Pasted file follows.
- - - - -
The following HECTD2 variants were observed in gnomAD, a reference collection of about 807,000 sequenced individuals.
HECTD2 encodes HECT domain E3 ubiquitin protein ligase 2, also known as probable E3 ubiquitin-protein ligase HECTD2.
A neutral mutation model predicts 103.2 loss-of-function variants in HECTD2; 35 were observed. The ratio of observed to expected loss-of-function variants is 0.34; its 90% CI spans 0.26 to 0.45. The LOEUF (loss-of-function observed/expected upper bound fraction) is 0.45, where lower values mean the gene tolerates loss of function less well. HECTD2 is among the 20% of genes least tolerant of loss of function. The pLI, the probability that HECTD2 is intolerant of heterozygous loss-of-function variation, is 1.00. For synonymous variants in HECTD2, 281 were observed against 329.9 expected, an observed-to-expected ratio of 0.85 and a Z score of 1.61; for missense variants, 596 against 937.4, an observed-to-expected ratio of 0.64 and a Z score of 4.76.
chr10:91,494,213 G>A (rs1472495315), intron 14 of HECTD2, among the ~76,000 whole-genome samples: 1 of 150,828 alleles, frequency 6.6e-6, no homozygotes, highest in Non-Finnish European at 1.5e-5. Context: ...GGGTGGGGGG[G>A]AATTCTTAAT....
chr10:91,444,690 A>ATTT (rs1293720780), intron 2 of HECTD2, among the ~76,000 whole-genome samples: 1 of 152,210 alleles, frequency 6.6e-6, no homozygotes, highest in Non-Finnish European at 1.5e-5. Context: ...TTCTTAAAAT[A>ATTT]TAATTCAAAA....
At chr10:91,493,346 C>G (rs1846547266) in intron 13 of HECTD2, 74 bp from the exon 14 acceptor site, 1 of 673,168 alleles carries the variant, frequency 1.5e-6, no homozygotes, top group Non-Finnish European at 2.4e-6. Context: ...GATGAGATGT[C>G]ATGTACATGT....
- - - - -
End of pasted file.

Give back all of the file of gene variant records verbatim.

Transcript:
The following HECTD2 variants were observed in gnomAD, a reference collection of about 807,000 sequenced individuals.
HECTD2 encodes HECT domain E3 ubiquitin protein ligase 2, also known as probable E3 ubiquitin-protein ligase HECTD2.
A neutral mutation model predicts 103.2 loss-of-function variants in HECTD2; 35 were observed. The ratio of observed to expected loss-of-function variants is 0.34; its 90% CI spans 0.26 to 0.45. The LOEUF (loss-of-function observed/expected upper bound fraction) is 0.45, where lower values mean the gene tolerates loss of function less well. HECTD2 is among the 20% of genes least tolerant of loss of function. The pLI, the probability that HECTD2 is intolerant of heterozygous loss-of-function variation, is 1.00. For synonymous variants in HECTD2, 281 were observed against 329.9 expected, an observed-to-expected ratio of 0.85 and a Z score of 1.61; for missense variants, 596 against 937.4, an observed-to-expected ratio of 0.64 and a Z score of 4.76.
chr10:91,494,213 G>A (rs1472495315), intron 14 of HECTD2, among the ~76,000 whole-genome samples: 1 of 150,828 alleles, frequency 6.6e-6, no homozygotes, highest in Non-Finnish European at 1.5e-5. Context: ...GGGTGGGGGG[G>A]AATTCTTAAT....
chr10:91,444,690 A>ATTT (rs1293720780), intron 2 of HECTD2, among the ~76,000 whole-genome samples: 1 of 152,210 alleles, frequency 6.6e-6, no homozygotes, highest in Non-Finnish European at 1.5e-5. Context: ...TTCTTAAAAT[A>ATTT]TAATTCAAAA....
At chr10:91,493,346 C>G (rs1846547266) in intron 13 of HECTD2, 74 bp from the exon 14 acceptor site, 1 of 673,168 alleles carries the variant, frequency 1.5e-6, no homozygotes, top group Non-Finnish European at 2.4e-6. Context: ...GATGAGATGT[C>G]ATGTACATGT....